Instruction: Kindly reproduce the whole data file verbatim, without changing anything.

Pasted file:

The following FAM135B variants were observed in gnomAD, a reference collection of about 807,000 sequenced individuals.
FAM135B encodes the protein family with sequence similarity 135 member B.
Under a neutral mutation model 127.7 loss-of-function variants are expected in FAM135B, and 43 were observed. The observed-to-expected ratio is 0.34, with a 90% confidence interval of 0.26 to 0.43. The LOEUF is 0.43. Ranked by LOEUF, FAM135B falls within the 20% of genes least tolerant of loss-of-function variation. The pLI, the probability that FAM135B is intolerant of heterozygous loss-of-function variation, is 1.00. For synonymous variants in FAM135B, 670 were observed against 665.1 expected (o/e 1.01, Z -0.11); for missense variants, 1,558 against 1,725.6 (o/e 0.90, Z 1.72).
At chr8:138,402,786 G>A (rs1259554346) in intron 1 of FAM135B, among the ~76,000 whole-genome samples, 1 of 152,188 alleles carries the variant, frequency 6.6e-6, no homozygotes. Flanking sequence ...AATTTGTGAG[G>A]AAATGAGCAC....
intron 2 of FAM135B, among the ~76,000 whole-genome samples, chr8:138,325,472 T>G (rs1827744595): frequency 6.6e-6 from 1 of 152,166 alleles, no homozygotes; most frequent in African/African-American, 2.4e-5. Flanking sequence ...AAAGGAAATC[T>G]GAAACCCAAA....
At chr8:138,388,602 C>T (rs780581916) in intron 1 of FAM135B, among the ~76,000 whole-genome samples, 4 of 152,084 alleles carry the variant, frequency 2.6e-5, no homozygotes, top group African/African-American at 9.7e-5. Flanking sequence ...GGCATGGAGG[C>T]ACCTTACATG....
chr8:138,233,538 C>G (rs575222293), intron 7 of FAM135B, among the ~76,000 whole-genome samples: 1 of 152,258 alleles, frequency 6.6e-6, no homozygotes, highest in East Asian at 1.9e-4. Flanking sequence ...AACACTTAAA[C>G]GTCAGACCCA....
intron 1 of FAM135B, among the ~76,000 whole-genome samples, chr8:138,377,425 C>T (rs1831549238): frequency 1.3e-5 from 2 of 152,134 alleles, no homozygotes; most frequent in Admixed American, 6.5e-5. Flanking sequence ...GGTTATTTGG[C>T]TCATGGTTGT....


The following FAM135B variants were observed in gnomAD, a reference collection of about 807,000 sequenced individuals.
FAM135B encodes the protein family with sequence similarity 135 member B.
Under a neutral mutation model 127.7 loss-of-function variants are expected in FAM135B, and 43 were observed. The observed-to-expected ratio is 0.34, with a 90% confidence interval of 0.26 to 0.43. The LOEUF is 0.43. Ranked by LOEUF, FAM135B falls within the 20% of genes least tolerant of loss-of-function variation. The pLI, the probability that FAM135B is intolerant of heterozygous loss-of-function variation, is 1.00. For synonymous variants in FAM135B, 670 were observed against 665.1 expected (o/e 1.01, Z -0.11); for missense variants, 1,558 against 1,725.6 (o/e 0.90, Z 1.72).
At chr8:138,402,786 G>A (rs1259554346) in intron 1 of FAM135B, among the ~76,000 whole-genome samples, 1 of 152,188 alleles carries the variant, frequency 6.6e-6, no homozygotes. Flanking sequence ...AATTTGTGAG[G>A]AAATGAGCAC....
intron 2 of FAM135B, among the ~76,000 whole-genome samples, chr8:138,325,472 T>G (rs1827744595): frequency 6.6e-6 from 1 of 152,166 alleles, no homozygotes; most frequent in African/African-American, 2.4e-5. Flanking sequence ...AAAGGAAATC[T>G]GAAACCCAAA....
At chr8:138,388,602 C>T (rs780581916) in intron 1 of FAM135B, among the ~76,000 whole-genome samples, 4 of 152,084 alleles carry the variant, frequency 2.6e-5, no homozygotes, top group African/African-American at 9.7e-5. Flanking sequence ...GGCATGGAGG[C>T]ACCTTACATG....
chr8:138,233,538 C>G (rs575222293), intron 7 of FAM135B, among the ~76,000 whole-genome samples: 1 of 152,258 alleles, frequency 6.6e-6, no homozygotes, highest in East Asian at 1.9e-4. Flanking sequence ...AACACTTAAA[C>G]GTCAGACCCA....
intron 1 of FAM135B, among the ~76,000 whole-genome samples, chr8:138,377,425 C>T (rs1831549238): frequency 1.3e-5 from 2 of 152,134 alleles, no homozygotes; most frequent in Admixed American, 6.5e-5. Flanking sequence ...GGTTATTTGG[C>T]TCATGGTTGT....